• Meanwhile, oil prices have continued to remain at a high level, partly due to supply concerns related to tensions in the Middle East. Our baseline forecast is for a very modest decline in oil prices in 2012 (to US$106pb from US$111pb in 2011), which would have negligible implications for economic activity in Russia.
• Overall, we expect GDP growth to slow to 3.8% this year. The slowdown is likely to be industrially led, with sectors such as metals and chemicals more exposed to external demand. The economy will benefit from continued fiscal stimulus in Q1, but the withdrawal of this temporary relief from Q2 onwards will act to subdue any momentum generated by an upturn in global conditions. However, we expect the strength of the labour market to continue to support strong consumer spending, which is projected to rise by 5.8% this year, not too much slower than the pace of just over 7% in 2011.
Russian car sales finished 2011 at 2.46m units (+39.6%) meaning that the Russian market was one of the fastest growing in the world last year, delivering the largest increase in volume (almost 700,000 units) with the exception of China. Although the growth rate was slowing towards the end 2011, the market still managed to grow by in excess of 25% in each of the final three months of the year. The seasonally-adjusted annual running rate (SAAR) of the market surged to a peak of over 2.8m units in November before dropping back to 2.67m in December. Only January data is available so far and although sales were still up – by 18.6% compared to January 2010 – the SAAR dropped back to 2.4m units, the lowest SAAR since August 2011. This was to be expected in our view given that the 2011 market was largely fuelled by government incentives in the form of a further scrappage scheme and a third loan interest subsidy scheme, both of which applied only to domestically produced light vehicles.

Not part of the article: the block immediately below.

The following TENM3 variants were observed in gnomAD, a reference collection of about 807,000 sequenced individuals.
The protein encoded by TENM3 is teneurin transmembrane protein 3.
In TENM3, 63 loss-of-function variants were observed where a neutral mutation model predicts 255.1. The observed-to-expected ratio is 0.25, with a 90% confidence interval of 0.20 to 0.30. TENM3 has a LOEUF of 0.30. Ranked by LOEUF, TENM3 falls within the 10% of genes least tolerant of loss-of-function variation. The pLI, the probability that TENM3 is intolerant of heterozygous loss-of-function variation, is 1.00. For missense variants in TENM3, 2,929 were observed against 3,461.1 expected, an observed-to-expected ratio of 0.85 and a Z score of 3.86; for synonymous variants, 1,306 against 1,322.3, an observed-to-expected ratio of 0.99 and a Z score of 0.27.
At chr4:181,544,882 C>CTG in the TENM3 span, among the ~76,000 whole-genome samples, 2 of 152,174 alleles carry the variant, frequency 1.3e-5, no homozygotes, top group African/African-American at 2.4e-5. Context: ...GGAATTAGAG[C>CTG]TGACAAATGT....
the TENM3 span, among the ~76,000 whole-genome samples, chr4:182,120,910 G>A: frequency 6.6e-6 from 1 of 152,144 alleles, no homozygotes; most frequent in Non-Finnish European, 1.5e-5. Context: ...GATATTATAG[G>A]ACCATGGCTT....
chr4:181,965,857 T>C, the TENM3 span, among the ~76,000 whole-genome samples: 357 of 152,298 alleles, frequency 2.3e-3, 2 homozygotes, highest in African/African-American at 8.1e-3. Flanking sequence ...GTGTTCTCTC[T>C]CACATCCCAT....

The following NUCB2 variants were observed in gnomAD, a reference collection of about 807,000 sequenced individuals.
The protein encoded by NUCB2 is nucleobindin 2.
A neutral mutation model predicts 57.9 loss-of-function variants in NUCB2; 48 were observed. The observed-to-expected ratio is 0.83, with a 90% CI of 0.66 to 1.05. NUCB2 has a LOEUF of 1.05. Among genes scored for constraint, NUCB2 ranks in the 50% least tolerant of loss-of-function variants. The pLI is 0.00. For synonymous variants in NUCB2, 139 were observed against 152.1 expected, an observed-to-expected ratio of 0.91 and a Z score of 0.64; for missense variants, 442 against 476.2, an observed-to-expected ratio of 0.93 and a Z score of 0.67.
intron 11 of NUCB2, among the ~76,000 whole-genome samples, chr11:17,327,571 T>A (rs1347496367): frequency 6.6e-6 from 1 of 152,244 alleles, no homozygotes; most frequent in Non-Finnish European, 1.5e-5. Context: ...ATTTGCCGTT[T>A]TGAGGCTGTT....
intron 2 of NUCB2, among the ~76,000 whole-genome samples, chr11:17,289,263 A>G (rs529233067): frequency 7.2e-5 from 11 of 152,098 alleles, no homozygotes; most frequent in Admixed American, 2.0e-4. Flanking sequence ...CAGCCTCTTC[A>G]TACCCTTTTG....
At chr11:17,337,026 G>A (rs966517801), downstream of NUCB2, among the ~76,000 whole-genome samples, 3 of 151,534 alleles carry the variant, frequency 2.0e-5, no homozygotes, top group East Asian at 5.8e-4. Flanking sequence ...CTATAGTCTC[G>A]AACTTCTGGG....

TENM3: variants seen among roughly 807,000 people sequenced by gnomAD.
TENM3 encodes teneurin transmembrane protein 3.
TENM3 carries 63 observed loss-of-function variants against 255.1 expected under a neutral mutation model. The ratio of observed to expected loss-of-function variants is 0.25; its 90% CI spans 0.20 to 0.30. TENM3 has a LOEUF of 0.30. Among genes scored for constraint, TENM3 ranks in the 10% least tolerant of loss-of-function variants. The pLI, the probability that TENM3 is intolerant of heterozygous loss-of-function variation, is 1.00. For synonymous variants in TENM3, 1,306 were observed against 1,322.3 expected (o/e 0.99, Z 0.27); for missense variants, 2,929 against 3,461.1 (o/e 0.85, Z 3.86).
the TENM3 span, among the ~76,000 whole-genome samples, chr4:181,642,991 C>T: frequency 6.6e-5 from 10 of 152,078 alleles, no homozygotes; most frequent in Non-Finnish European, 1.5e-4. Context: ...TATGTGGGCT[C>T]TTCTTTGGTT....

A total of 600,000 scrappage vouchers were issued under the scrappage scheme between March 2010 and June 2011 whilst the loan interest subsidy scheme incentivised 263,000 light vehicle sales during 2011 compared to 166,000 in 2010 and 70,000 in 2009. Sales via this scheme are estimated to have accounted
for around one third of credit sales.
Sales on credit grew significantly during 2011 and solid increases in real incomes also persuaded Russians to go out and buy new cars. This scheme was originally expected to be repeated in 2012 and 2013 but this plan was dropped in 2011. During 2012, therefore, it looks as the market will have to stand on its own feet, although there have been some rumours that a smaller-scale scrappage scheme (possibly applying only to disabled buyers and in selected regions) might be unveiled. Assuming no support from the government, however, we expect only a small increase in sales to 2.527m (+2.6%) even though the economy is only expected to slow slightly from the pace set in 2011.
Last year over 500,000 (light vehicle) sales were “supported”. A proportion of these will have been pulled forward from 2012 although it is impossible to gauge exactly how many. Without government support the market would have been much weaker in 2011 and our much lower forecast for 2012 reflects the withdrawal of significant incentives. As a consequence the level of car sales in Russia in 2012 will depend closely upon economic performance which in itself will hinge upon the behaviour of the oil price. Oxford Economics’ current forecast for 2012 of $106 a barrel (Brent crude) involves a fall compared to 2011 but so far the price has been above expectations, hitting $122 a barrel again on March 7th.